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Dealing With Difference

Difference is a fundamental fact of human life. There is similarity too. But difference is the reason why we need to have discussions about public policy. It is also the reason why they should occur face-to-face, over extended periods of time, and with the assistance of a skilled but neutral facilitator.

If we all agreed about public policy, then there would be little if any need to discuss it. But politics really is about who gets what, when, and how. And we often have different interests, different beliefs, different values, different goals–and, hence, different ideas about who should get what, when, and how. Despite all that talk about the common good and the public interest, our different interests, beliefs, values, goals, and ideas about who should get what, where, and how tend to influence the way we each see the world, and what we each think we ought to do as a society, and what we call the public interest and the common good.

It’s nice to reaffirm our interests, beliefs, values, and goals with people who share them. But many people do not like to talk about how to bake and divide the public pie with people whose interests, beliefs, values, goals, and ideas are different from their own. It can be fun to listen to people do it on television and radio because they can’t hear what we say, and because they can’t answer back. But we often get so wrapped up within our own minds–and take our own interests, beliefs, values, goals, and ideas so much for granted–that we simply cannot imagine how anyone with basic rationality and good intentions could possibly disagree with us. And since we often invest our identities in our interests, beliefs, values, goals, and ideas–and since we often have a greater certainty in them than could ever possibly be warranted–it is not unusual to find that our passions rise as we discuss our differences, and that our voices rise too, and that we are suddenly talking far too fast and far too loud to listen to, let alone to understand–let alone to digest and rearrange our own constellation of interests, beliefs, values, and goals in relation to–what anyone else has said.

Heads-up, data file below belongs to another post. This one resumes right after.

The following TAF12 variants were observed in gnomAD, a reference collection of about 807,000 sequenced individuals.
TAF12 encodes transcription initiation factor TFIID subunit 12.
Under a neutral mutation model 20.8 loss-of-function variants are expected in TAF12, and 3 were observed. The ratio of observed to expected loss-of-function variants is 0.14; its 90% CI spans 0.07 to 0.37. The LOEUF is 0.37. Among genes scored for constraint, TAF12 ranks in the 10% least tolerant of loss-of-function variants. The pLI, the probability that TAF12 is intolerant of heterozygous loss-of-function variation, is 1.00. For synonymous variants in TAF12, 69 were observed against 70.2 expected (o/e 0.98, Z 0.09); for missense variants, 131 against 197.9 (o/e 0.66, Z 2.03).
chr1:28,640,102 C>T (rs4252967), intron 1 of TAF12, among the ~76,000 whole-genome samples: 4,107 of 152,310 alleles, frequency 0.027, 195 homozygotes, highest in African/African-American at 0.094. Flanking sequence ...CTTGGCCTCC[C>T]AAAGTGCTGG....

This is why political discussions on television so often turn into shouting matches. It is why political rallies so often seem and sound more like football games. It is why we so often seem to be talking right past each other. And it is why it is almost always good to have a facilitator.

A facilitator can slow down a discussion so we can listen to what has actually been said. He or she can stop a debate, and the felt need to have an immediate and snappy comeback line, just long enough for us to hear what someone else has said and to explore what it means. This does not often happen on television or at political rallies or on internet blogs and discussion threads. It takes a bit of time and discussion to understand our differences. But the more it happens in a face-to-face discussion, and the longer that discussion continues, the easier it becomes to see the world from someone else’s eyes, and the more difficult it becomes to demonize people simply because they have interests and beliefs and values and goals that differ from our own.

They will, of course, still have their interests, beliefs, values, goals, and ideas–and we will still have ours. But the less we blame each other for having them, the more likely we are to approach each other as human beings, instead of as Democrats and Republicans, and the more likely we will be to understand exactly what they are. Indeed, the more we talk with other people about our political differences, and the more we actually hear what they say and try to understand why they are saying it–instead of assuming that they must be liars, thieves, or dummies–the more likely we all will be to address our real concerns. And the more we do that, the easier it will become to make collective decisions in the face of our very real differences.

This, or something very much like it, is what we are trying to do at IF.